Rieu is also the conductor of the Johann Strauss Orchestra.  Together they have turned classical and waltz music into a worldwide concert touring music act, as successful as some of the biggest global pop and rock music acts.  And this is where he becomes interesting.

The Orchestra began in 1987 with 12 Waltz members.   It now performs with between 80 and 150 musicians. At the time the Orchestra first toured Europe, a renewed interest in waltz music emerged in the continent, and they have since performed around the world.  During the first half of 2009, he was the world’s most successful male touring artist, according to Billboard magazine.  Despite this success, there is controversy that surrounds Rieu because he does things differently.  Especially, for the world of classical music.  However as one critic has noticed, ‘Few in his audiences are regular classical music attendees and it could be seen as promising that, via Rieu, they are listening to standards of the classical canon.’  He is not necessarily better or worse than the traditional orchestras, but it is not what he does, rather how he does it.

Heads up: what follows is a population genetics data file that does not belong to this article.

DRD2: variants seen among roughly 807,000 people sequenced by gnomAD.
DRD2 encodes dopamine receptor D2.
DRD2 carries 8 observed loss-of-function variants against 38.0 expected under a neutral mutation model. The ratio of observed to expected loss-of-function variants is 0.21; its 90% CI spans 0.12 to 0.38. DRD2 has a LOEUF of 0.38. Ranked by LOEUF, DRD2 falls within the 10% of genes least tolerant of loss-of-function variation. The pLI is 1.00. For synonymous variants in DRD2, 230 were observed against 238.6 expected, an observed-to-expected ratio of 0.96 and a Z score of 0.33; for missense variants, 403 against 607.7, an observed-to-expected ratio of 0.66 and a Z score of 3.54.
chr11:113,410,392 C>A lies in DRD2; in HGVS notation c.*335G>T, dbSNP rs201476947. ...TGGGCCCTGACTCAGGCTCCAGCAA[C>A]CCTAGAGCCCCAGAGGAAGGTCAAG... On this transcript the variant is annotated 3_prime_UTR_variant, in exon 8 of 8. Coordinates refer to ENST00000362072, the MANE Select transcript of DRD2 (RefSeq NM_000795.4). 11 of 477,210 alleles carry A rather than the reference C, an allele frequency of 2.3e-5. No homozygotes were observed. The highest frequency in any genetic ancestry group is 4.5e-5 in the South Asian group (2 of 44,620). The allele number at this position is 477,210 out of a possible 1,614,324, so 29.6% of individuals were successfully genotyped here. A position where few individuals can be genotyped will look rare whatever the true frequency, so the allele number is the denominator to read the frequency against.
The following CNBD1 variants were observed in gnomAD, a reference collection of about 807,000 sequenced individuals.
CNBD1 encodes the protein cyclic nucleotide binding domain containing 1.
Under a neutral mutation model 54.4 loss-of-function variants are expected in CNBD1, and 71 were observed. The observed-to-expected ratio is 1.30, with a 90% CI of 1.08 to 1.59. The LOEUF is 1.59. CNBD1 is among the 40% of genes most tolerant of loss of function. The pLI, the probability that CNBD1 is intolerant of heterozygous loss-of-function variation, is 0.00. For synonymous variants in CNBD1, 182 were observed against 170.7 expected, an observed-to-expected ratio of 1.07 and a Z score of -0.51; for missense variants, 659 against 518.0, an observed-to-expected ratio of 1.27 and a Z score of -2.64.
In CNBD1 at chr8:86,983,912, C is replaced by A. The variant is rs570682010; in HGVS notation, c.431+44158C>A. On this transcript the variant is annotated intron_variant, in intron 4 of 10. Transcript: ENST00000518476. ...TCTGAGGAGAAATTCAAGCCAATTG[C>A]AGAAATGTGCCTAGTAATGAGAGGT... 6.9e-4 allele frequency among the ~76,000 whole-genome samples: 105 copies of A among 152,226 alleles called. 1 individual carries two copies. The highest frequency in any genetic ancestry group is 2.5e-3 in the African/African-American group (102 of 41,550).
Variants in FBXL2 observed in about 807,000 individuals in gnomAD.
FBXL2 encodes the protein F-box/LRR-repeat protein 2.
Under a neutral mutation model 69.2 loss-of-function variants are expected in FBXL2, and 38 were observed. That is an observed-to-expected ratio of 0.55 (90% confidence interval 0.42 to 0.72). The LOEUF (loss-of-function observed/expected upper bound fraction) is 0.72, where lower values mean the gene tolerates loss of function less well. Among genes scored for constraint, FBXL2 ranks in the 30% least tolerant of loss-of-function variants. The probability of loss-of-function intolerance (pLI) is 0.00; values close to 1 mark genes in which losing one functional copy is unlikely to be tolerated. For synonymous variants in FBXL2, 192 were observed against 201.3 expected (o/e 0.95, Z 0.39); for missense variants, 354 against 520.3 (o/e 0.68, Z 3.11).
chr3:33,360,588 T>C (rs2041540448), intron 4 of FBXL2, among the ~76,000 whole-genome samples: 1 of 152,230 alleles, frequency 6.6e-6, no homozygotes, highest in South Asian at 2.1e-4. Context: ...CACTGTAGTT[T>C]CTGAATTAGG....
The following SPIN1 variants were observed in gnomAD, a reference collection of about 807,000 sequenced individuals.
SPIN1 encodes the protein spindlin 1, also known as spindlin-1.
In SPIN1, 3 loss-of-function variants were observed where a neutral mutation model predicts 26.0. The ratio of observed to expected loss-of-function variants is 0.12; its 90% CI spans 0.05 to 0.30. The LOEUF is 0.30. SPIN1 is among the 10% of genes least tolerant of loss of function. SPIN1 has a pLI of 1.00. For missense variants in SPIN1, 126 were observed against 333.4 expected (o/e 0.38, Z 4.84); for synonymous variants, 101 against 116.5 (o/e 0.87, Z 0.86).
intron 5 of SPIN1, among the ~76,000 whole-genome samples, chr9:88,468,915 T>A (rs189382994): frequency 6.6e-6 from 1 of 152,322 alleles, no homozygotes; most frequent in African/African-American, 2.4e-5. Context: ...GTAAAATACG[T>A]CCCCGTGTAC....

So how does he do it?  He seems to be completely passionate about bringing classical music to the masses, so much so that everyone enjoys it.  He has fun.  He allows his orchestra to have fun.  Indeed, he encourages his orchestra to have fun.  He has high standards and encourages everyone around him to fulfil their potential.  He treats everyone the same.  From the solo artist to the individual who plays an instrument for a few moments, they are all treated equally.  It is his attention to how important these things are that is interesting.  He brings his own catering service along, as well as all his decorative elements, such as runners, carpets and even chandeliers to change an old drab building into a romantic oasis for his orchestra and fans.  Rieu says ‘I wanted to make music in a different way.  I wanted to make ‘real’ music, and that entails everything; having fun, laughing, crying.   It is not only the technical and superficial presentation, which is mostly the norm and very prevalent in the classical music world. People want to be entertained. Entertainment is not a dirty word. It belongs’.